Chaos is engulfing the Brexit negotiating process and, if you believe reports, the prospects of a ‘no-deal’ outcome are seemingly increasing by the day. I believe this would not serve the national interest and, in fact, would not only let down the country but also risk selling out the younger generations.
Some might argue that Brexit has nothing to do with Ealing Council. Those people couldn’t be more wrong. The consequences of what, in my view, was a self-harming decision to leave the European Union (EU) in the 2016 referendum, and the resulting chaos, are having an impact on Ealing already.
With only seven months to go before the UK is set to leave the EU, planning by the council to handle any harmful effects of Brexit are still hampered by uncertainty over what the Brexit deal will be and the real threat of a no-deal Brexit.
Ealing is greatly affected by Brexit for a number of reasons, including its west London location, reliance on Heathrow, our local economy built on numerous multinational businesses accessing European markets and our demographic mix as one of the most European boroughs in London.
Take, for example, the uncertainty over EU trade inhibiting investment in new jobs and productivity. Because of this disruptive effect, GlaxoSmithKline, based just outside Ealing, is planning to spend £70million a year on Brexit transitional costs during the first two-three years after the UK’s departure from the EU.
We are all too aware in Ealing of the pressures facing our hospitals and GP surgeries. The NHS, under severe current pressure, has reported increasing vacancies for thousands of doctors, nurses, dentists and midwives, while more EU medical staff are leaving the UK. In 2017, 10% of all employees in London’s health services were from the EU. In the last year 4,000 nurses and midwives have left the capital and only 800 have arrived. Brexit is already impacting on our ability to look after our sick and infirm.
There are doubts about future funding for EU-supported projects in health, infrastructure and skills training that Ealing currently benefits from. For example, the European Social Fund supports skills for work training for unemployed ethnic minority women in a number of boroughs, including Ealing. Ealing Hospital is taking part in an international project monitoring Type 2 diabetes for South Asian/South Asian-origin populations, funded by the EU Horizon 2020 programme. What will happen to these vitally important projects if we cannot guarantee such funding going forward?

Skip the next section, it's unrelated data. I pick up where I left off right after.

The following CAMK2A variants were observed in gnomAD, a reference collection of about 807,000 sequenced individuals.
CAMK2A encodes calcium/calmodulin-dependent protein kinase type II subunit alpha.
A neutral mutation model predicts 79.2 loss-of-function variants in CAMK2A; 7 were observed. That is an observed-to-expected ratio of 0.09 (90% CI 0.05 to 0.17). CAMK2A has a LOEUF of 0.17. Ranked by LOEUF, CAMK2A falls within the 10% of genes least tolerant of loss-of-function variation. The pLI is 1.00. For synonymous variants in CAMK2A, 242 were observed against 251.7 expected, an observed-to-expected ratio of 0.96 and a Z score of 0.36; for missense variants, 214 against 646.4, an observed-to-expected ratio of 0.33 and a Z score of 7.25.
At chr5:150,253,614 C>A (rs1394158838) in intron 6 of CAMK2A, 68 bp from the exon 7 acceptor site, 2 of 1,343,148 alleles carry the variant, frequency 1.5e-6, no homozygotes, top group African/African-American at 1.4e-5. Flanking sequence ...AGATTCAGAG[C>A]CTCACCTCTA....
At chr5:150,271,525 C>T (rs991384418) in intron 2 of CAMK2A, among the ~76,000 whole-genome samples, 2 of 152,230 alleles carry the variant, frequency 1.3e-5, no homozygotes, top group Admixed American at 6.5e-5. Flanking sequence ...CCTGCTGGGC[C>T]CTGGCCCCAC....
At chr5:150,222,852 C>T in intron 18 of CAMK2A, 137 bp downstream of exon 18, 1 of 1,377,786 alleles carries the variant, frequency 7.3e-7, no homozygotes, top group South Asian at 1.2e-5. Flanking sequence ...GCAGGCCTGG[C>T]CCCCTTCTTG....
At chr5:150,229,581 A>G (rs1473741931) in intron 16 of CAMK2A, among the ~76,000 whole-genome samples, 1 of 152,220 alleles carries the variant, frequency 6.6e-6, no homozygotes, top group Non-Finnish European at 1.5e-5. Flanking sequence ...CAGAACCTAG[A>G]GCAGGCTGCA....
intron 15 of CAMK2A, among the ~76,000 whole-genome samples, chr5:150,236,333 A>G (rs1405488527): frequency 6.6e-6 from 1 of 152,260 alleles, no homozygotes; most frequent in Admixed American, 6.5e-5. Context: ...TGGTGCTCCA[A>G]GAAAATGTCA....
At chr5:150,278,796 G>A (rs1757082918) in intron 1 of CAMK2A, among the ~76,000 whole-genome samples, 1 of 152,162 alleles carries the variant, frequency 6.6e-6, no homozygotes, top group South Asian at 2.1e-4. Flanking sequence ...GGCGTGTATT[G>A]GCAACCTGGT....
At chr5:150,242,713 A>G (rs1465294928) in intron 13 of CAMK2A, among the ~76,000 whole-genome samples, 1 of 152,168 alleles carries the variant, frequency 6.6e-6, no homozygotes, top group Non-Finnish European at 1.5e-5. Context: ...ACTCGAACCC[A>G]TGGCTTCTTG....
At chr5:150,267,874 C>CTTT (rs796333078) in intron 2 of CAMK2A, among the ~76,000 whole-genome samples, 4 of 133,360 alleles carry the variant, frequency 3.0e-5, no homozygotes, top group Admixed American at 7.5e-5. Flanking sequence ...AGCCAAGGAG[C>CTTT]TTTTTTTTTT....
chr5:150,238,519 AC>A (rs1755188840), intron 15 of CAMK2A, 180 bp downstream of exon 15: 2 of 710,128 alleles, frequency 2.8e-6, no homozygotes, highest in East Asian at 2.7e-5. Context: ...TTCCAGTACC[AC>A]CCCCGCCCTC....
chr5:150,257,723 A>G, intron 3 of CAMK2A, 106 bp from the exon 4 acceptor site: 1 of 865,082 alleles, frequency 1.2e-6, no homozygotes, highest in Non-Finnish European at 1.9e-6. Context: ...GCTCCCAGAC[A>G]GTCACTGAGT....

There is also a basic human element to Brexit and its impacts on the people of Ealing. There are tens of thousands of EU citizens living and contributing to the public life and economic wellbeing of our borough. They work in all our public services, including the NHS, schools, colleges, university and the council. They now find themselves in limbo and the increasing prospect of a chaotic no-deal Brexit adds even more uncertainty and stress to their lives. Some are making the decision to leave the UK.
Then there are the more harrowing reports from around the UK. Crashing out of the EU with no customs agreement could cause delays of fresh food and essential goods. Pharmaceutical firms are stockpiling medicinal drugs, fearing Brexit will delay imports. Birmingham City Council is making preparations based on the possibility of civil unrest from serious economic and social disruption.
In light of all of these challenges, Ealing Council, along with other councils across the country, are calling for a ‘People’s Vote’ on any Brexit deal. At the April meeting of full council a motion was backed that called for the government to guarantee the rights of all EU citizens to live and work in the UK now, even in the event of a no-deal Brexit; and also to give both Parliament and the British public the final say on any Brexit deal.
In addition, the council’s website now has a Brexit information page with guidance for the thousands of EU citizens living in our borough.
As I suggested at the start, Brexit has plenty to do with Ealing Council and it will affect the future of everyone who lives here, in one way or another. It is only right, in my opinion, that we all get to vote on the ultimate deal – or no-deal – put before us.
Brexit image by ChiralJon via FlickR – visit https://www.flickr.com/photos/69057297@N04/33756733695/